Picking up a basket while grocery shopping may seem second nature now, but the idea was once groundbreaking. And that was far from the only thing that changed when Piggly Wiggly, the first modern American supermarket, opened 100 years ago.
Clarence Saunders opened the first Piggly Wiggly on Sept. 11, 1916 in Memphis, Tenn.—after a few construction delays, which is why the company celebrates the anniversary on the 6th—and thus pioneered a self-service model that was drastically different from the way things had long been done. At an old-style grocery, customers would pass a grocery list to a clerk, who would then put items together for shoppers in one bag. At Piggly Wiggly, on the other hand, the shoppers did their own choosing—and the products had to do the tempting.
“That [method] meant consumers could make decisions as to what it was they wanted to buy, and that really led to companies trying to catch consumers’ attention. It’s really the origin of branding,” says John Stanton, a professor of food marketing at Saint Joseph’s University.
Saunders redesigned food shopping, methodically arranging things in order to appeal to how customers shopped—for example, putting candy and other impulse items at the checkout. In addition to launching the self-service model, Piggly Wiggly introduced shopping baskets, price-marked items, employees in uniform and the supermarket franchise model.
“For a long time you had specialty retail stores like butchers and bakers and candlestick makers,” says Stanton, “and then you had these bigger stores that said, let’s reduce the cost and make it more affordable.”
The supermarket attracted shoppers and workers as grocery item prices dropped along with overhead costs.
Other supermarkets popped up as well, with King Kullen opening in 1930 in Queens, New York, and Safeway and Kroeger grocers adapting to the new normal. Some contention still surrounds whether Kullen or Saunders founded the first supermarket, but the opening dates suggest Piggly Wiggly was, in fact, the original.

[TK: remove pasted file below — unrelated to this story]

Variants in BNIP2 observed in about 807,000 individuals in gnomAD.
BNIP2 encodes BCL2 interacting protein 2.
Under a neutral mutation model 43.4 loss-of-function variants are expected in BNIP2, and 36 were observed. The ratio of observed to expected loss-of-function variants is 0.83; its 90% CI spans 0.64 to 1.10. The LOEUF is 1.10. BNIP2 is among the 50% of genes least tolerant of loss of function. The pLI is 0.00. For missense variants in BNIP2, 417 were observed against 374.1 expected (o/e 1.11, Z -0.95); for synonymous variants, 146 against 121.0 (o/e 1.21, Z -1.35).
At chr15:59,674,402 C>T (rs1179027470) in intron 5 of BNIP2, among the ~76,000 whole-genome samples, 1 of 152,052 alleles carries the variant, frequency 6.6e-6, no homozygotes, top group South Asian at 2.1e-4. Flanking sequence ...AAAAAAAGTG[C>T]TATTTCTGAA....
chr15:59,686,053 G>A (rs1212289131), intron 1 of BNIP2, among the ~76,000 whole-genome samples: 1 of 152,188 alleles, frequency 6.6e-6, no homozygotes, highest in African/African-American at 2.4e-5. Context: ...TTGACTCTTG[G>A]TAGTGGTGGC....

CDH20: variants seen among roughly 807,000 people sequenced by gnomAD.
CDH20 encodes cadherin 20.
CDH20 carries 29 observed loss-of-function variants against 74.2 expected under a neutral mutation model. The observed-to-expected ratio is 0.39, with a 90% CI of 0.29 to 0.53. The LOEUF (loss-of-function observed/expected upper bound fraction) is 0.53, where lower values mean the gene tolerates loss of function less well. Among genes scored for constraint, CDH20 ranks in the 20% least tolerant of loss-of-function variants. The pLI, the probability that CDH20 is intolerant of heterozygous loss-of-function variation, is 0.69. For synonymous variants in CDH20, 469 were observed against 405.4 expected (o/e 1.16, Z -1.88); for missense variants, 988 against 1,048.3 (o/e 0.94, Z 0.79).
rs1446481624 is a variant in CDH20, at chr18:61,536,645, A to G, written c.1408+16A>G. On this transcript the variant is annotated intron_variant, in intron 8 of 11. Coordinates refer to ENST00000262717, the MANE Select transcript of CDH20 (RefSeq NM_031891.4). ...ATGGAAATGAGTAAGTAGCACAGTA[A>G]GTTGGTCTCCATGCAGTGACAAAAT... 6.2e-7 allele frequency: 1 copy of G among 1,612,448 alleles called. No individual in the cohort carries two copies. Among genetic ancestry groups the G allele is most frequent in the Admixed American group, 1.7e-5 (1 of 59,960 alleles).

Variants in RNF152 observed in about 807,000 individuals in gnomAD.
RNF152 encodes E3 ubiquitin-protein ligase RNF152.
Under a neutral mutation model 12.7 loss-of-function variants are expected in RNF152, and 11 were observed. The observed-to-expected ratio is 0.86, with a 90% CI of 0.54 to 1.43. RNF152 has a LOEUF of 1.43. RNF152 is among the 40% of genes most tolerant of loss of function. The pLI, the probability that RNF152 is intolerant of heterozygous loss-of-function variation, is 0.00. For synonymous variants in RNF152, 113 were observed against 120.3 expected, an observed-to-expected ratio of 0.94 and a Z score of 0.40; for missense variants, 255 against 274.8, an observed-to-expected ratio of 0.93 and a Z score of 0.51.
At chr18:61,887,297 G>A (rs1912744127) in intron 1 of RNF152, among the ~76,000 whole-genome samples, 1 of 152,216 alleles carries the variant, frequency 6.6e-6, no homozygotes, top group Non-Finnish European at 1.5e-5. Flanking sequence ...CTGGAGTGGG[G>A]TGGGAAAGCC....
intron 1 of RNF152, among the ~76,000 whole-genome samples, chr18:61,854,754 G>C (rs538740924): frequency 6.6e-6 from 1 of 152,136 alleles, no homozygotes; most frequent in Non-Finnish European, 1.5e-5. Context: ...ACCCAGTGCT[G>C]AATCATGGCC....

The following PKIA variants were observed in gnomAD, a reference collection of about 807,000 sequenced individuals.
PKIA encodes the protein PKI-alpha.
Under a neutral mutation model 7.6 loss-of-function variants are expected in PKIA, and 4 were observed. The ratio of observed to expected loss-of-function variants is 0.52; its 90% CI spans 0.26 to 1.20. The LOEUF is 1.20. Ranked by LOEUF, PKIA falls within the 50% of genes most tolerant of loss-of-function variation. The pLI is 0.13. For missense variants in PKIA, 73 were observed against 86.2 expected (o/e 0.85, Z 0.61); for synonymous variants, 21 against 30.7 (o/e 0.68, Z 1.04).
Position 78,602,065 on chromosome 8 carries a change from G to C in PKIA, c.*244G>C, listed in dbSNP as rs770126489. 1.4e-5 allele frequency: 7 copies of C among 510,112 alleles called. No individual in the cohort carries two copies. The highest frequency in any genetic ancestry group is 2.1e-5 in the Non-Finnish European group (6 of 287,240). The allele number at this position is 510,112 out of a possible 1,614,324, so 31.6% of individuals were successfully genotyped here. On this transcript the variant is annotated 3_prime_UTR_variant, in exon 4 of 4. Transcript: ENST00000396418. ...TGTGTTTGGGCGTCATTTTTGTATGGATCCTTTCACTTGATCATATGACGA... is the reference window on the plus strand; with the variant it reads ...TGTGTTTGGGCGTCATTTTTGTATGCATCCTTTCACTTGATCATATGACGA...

Supermarket success continued to prove fruitful during World War II when thousands of small grocery stores had to close as their employees went off to war. For supermarkets, losing one or two people didn’t put the chains out of business. After the war, the popularity of refrigerators and automobiles for nearly every household kept feeding the model, so much so that free parking became a necessity at every supermarket.
Throughout the ‘50s, the supermarket proved itself an American phenomenon, Stanton says. It was such a marvel that in 1957, during a visit with President Eisenhower, Queen Elizabeth and Prince Philip visited a Maryland grocery store for 15 minutes to see what it was all about.
The Queen was reportedly “bemused by the grocery cart’s little collapsible seat,” saying “it is particularly nice to be able to bring your children here.”
Children in supermarkets drastically changed the game of branding, with designers able to place food at kids’ eye levels, making it easy for them to woo their parents into various purchases.
“The whole idea of in-store merchandising became important with Piggly Wiggly,” Stanton says. That idea has continued all the way from early 20th-century signs to electronic systems that individually identify shopped in the store in order to advertise to them personally.
Of course, as technology changed the game inside the store, it changed the game outside, too, with online grocery shopping escalating in popularity so much that more than a third of online shoppers are expected to buy their groceries online in 2016.
Stanton is not surprised.
“It’s a continuous thing, a continuous movement of where people shop and how they like to shop, he says. “Supermarkets played a huge role in our economy and the development of our society and now there are other things sharing that spotlight.”
But while the history and legacy of supermarkets is clear, one thing is not: How Piggly Wiggly got its peculiar name. The origin remains a mystery, but when Clarence Saunders was once asked why he picked the name, he simply responded: “So people will ask that very question.”